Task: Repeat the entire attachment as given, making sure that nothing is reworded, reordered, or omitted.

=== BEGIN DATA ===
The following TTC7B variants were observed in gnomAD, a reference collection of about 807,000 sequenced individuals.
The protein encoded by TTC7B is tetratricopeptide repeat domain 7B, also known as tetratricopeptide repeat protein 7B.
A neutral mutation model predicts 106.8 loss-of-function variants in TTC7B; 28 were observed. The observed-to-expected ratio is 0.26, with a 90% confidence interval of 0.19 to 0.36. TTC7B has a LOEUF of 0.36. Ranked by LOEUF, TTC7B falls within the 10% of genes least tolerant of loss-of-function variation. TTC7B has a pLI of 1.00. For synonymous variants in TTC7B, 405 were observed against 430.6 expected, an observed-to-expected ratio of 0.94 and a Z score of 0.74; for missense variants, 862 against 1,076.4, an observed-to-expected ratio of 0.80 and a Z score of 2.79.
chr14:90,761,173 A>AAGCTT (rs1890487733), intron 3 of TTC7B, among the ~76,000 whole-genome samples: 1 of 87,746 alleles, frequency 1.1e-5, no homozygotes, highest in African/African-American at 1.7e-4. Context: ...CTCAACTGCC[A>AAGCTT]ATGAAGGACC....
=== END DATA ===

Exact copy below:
The following TTC7B variants were observed in gnomAD, a reference collection of about 807,000 sequenced individuals.
The protein encoded by TTC7B is tetratricopeptide repeat domain 7B, also known as tetratricopeptide repeat protein 7B.
A neutral mutation model predicts 106.8 loss-of-function variants in TTC7B; 28 were observed. The observed-to-expected ratio is 0.26, with a 90% confidence interval of 0.19 to 0.36. TTC7B has a LOEUF of 0.36. Ranked by LOEUF, TTC7B falls within the 10% of genes least tolerant of loss-of-function variation. TTC7B has a pLI of 1.00. For synonymous variants in TTC7B, 405 were observed against 430.6 expected, an observed-to-expected ratio of 0.94 and a Z score of 0.74; for missense variants, 862 against 1,076.4, an observed-to-expected ratio of 0.80 and a Z score of 2.79.
chr14:90,761,173 A>AAGCTT (rs1890487733), intron 3 of TTC7B, among the ~76,000 whole-genome samples: 1 of 87,746 alleles, frequency 1.1e-5, no homozygotes, highest in African/African-American at 1.7e-4. Context: ...CTCAACTGCC[A>AAGCTT]ATGAAGGACC....